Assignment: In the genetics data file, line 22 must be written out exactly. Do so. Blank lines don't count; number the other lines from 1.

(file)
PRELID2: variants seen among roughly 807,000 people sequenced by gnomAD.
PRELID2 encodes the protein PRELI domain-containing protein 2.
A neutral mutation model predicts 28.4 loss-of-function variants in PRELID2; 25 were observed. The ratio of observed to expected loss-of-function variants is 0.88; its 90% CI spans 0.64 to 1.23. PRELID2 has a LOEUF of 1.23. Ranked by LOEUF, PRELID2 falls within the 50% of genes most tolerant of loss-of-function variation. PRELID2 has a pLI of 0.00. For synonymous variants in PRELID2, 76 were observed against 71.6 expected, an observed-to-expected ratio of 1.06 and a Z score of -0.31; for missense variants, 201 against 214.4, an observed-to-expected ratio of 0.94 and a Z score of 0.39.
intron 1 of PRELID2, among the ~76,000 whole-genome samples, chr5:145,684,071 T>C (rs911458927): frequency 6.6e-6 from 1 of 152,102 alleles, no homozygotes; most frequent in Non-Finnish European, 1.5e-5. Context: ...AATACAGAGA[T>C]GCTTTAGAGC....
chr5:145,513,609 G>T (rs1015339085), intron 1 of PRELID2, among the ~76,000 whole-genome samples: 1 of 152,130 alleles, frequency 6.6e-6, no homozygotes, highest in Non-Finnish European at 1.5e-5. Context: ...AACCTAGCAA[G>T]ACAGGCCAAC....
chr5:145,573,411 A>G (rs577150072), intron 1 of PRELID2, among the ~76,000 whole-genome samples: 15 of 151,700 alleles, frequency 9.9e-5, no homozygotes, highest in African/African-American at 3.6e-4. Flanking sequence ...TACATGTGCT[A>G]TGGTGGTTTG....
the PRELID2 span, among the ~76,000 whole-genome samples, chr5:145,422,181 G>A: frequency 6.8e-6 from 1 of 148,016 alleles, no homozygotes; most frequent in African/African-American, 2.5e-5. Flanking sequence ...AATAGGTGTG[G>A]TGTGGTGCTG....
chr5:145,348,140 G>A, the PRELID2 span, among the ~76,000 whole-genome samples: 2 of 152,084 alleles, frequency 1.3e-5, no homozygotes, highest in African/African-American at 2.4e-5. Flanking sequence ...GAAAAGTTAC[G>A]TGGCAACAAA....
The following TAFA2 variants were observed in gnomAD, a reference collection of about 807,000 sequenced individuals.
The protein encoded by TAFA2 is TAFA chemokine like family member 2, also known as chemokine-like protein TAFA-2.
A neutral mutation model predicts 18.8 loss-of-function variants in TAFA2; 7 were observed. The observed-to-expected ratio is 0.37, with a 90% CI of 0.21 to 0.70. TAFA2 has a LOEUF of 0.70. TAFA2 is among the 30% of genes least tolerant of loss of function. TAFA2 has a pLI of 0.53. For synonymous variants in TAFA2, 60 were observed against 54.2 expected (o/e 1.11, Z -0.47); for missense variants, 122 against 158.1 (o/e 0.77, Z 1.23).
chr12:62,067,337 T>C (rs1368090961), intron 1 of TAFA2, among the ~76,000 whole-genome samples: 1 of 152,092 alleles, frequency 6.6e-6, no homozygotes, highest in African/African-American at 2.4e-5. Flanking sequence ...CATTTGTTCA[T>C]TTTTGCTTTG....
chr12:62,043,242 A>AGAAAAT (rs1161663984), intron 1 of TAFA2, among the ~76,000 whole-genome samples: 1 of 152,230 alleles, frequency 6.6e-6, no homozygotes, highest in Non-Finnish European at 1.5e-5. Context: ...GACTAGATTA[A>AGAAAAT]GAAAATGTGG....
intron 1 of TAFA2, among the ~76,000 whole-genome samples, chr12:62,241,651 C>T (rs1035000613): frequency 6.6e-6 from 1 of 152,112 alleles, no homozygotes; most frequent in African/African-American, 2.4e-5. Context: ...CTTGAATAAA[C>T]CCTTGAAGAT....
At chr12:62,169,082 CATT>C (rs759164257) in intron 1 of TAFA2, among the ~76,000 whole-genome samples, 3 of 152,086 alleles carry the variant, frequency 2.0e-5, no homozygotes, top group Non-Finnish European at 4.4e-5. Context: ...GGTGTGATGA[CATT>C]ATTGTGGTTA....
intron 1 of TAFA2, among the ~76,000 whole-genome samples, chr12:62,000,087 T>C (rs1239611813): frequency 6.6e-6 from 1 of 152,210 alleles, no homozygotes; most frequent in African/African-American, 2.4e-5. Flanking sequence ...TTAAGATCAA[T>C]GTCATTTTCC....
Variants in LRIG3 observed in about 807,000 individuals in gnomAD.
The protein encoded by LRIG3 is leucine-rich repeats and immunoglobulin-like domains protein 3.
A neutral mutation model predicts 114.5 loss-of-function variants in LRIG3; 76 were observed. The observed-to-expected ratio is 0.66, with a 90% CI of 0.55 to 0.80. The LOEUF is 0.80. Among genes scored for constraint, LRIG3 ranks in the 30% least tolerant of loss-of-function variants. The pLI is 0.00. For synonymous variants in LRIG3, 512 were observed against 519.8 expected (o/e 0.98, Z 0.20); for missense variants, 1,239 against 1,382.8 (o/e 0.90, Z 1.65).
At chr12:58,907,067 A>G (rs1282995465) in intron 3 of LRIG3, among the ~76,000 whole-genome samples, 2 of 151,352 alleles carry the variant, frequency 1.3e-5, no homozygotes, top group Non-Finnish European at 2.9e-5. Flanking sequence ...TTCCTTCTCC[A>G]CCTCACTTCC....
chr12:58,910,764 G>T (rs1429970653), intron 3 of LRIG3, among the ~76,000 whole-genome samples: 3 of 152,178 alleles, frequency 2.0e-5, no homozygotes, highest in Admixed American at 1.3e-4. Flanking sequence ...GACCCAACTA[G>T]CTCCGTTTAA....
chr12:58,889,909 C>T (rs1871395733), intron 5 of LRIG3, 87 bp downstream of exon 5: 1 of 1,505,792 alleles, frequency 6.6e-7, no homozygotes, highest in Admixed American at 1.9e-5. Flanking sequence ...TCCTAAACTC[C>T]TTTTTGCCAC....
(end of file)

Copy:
chr12:58,889,909 C>T (rs1871395733), intron 5 of LRIG3, 87 bp downstream of exon 5: 1 of 1,505,792 alleles, frequency 6.6e-7, no homozygotes, highest in Admixed American at 1.9e-5. Flanking sequence ...TCCTAAACTC[C>T]TTTTTGCCAC....